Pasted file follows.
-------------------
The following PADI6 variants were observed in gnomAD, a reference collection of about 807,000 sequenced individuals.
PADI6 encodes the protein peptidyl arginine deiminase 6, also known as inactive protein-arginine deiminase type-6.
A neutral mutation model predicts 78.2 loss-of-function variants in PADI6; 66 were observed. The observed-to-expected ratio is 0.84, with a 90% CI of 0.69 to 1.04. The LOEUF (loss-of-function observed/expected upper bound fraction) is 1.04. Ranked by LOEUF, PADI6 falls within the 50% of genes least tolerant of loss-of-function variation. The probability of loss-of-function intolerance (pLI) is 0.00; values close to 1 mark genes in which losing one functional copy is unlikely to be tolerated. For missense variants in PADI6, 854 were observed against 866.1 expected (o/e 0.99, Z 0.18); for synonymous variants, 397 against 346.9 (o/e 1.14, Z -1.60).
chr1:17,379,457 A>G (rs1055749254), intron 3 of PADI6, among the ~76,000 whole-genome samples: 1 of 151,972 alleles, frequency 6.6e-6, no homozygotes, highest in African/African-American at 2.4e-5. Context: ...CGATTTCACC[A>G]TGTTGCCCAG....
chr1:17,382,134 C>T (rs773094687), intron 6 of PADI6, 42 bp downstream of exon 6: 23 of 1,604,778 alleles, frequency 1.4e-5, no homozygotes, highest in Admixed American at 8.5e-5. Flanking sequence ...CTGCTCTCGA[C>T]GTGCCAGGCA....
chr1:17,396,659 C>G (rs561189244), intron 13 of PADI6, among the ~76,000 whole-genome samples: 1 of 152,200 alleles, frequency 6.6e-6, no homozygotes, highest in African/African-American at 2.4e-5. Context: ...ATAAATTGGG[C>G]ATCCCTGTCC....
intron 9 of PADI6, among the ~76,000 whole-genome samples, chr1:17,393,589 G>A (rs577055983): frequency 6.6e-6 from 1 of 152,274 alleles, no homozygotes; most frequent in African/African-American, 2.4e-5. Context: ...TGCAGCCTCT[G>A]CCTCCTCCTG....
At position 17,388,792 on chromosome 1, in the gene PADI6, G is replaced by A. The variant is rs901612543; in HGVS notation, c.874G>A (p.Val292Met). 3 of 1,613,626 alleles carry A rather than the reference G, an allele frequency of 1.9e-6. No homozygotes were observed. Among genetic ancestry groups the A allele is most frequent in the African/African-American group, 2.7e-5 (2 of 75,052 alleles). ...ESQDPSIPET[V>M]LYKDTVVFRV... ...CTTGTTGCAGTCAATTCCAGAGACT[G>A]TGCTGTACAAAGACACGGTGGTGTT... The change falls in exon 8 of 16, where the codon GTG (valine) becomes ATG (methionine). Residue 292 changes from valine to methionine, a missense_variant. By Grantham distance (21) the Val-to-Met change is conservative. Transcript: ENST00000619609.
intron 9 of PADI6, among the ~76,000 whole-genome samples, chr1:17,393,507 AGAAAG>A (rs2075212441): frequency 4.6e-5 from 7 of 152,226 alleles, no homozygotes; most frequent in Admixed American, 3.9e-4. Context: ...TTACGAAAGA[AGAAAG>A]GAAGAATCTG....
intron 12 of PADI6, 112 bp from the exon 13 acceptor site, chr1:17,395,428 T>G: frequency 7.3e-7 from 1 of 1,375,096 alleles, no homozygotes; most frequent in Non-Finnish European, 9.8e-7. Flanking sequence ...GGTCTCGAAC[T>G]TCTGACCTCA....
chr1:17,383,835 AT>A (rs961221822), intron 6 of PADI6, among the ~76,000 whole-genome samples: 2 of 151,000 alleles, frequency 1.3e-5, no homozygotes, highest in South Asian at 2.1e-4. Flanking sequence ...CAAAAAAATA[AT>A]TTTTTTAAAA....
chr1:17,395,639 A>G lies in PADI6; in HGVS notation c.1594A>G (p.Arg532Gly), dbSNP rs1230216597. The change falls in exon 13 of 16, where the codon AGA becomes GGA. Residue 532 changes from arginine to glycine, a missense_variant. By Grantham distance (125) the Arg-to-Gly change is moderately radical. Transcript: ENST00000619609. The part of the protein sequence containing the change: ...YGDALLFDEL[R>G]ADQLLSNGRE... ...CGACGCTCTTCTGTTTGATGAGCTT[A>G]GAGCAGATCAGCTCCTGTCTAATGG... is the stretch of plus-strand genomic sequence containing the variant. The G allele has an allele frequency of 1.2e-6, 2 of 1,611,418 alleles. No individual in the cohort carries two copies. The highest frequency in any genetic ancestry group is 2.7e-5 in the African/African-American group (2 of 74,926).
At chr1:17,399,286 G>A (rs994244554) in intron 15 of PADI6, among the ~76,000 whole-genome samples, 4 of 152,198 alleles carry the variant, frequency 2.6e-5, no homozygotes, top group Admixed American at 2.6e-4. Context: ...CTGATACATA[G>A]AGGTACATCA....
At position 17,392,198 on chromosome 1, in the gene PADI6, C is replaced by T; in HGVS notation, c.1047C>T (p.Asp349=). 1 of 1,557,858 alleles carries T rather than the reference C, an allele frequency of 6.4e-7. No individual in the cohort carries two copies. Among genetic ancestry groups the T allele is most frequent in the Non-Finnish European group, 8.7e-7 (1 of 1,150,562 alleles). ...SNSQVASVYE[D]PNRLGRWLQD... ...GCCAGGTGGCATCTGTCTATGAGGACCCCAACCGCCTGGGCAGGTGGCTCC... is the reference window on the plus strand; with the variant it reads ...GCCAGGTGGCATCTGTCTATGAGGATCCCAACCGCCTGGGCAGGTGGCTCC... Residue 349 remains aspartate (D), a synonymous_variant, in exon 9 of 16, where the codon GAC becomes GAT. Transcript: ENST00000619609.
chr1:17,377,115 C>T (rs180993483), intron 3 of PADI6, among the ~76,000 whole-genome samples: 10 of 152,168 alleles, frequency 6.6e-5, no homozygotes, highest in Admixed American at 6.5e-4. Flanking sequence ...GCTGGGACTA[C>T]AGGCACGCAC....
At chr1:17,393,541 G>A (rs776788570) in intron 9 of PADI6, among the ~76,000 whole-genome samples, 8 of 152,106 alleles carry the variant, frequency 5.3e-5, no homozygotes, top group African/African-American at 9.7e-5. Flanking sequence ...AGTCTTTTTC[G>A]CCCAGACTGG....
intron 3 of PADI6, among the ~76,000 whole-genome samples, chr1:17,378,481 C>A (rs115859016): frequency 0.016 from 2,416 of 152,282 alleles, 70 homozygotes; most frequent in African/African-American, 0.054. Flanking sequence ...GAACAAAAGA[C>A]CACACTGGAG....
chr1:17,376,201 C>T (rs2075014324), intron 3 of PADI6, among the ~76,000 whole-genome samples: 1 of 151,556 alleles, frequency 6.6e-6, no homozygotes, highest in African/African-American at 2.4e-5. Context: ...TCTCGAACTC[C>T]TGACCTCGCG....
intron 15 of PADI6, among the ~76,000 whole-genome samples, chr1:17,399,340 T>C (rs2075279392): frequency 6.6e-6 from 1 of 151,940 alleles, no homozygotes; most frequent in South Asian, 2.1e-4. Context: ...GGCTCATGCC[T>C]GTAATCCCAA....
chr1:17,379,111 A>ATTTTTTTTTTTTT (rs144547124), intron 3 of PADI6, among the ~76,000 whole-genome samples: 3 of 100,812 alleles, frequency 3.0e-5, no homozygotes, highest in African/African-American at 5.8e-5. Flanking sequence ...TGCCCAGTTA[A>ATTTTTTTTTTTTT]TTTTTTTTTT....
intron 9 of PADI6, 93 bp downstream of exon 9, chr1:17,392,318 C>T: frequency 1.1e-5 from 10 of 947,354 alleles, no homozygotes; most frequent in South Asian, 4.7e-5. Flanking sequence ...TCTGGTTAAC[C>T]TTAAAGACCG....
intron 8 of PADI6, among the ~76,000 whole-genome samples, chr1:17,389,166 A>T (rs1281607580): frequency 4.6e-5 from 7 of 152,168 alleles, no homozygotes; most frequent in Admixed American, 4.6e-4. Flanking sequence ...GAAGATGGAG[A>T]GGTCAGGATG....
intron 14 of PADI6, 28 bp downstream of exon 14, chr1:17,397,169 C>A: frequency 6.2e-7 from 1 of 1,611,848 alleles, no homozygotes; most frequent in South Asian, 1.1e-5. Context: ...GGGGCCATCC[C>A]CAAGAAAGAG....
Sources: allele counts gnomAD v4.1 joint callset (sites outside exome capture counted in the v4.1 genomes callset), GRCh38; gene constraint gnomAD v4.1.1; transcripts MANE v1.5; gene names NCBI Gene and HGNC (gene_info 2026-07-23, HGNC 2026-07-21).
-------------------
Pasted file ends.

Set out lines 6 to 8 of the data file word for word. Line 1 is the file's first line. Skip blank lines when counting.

chr1:17,396,659 C>G (rs561189244), intron 13 of PADI6, among the ~76,000 whole-genome samples: 1 of 152,200 alleles, frequency 6.6e-6, no homozygotes, highest in African/African-American at 2.4e-5. Context: ...ATAAATTGGG[C>G]ATCCCTGTCC....
intron 9 of PADI6, among the ~76,000 whole-genome samples, chr1:17,393,589 G>A (rs577055983): frequency 6.6e-6 from 1 of 152,274 alleles, no homozygotes; most frequent in African/African-American, 2.4e-5. Context: ...TGCAGCCTCT[G>A]CCTCCTCCTG....
At position 17,388,792 on chromosome 1, in the gene PADI6, G is replaced by A. The variant is rs901612543; in HGVS notation, c.874G>A (p.Val292Met). 3 of 1,613,626 alleles carry A rather than the reference G, an allele frequency of 1.9e-6. No homozygotes were observed. Among genetic ancestry groups the A allele is most frequent in the African/African-American group, 2.7e-5 (2 of 75,052 alleles). ...ESQDPSIPET[V>M]LYKDTVVFRV... ...CTTGTTGCAGTCAATTCCAGAGACT[G>A]TGCTGTACAAAGACACGGTGGTGTT... The change falls in exon 8 of 16, where the codon GTG (valine) becomes ATG (methionine). Residue 292 changes from valine to methionine, a missense_variant. By Grantham distance (21) the Val-to-Met change is conservative. Transcript: ENST00000619609.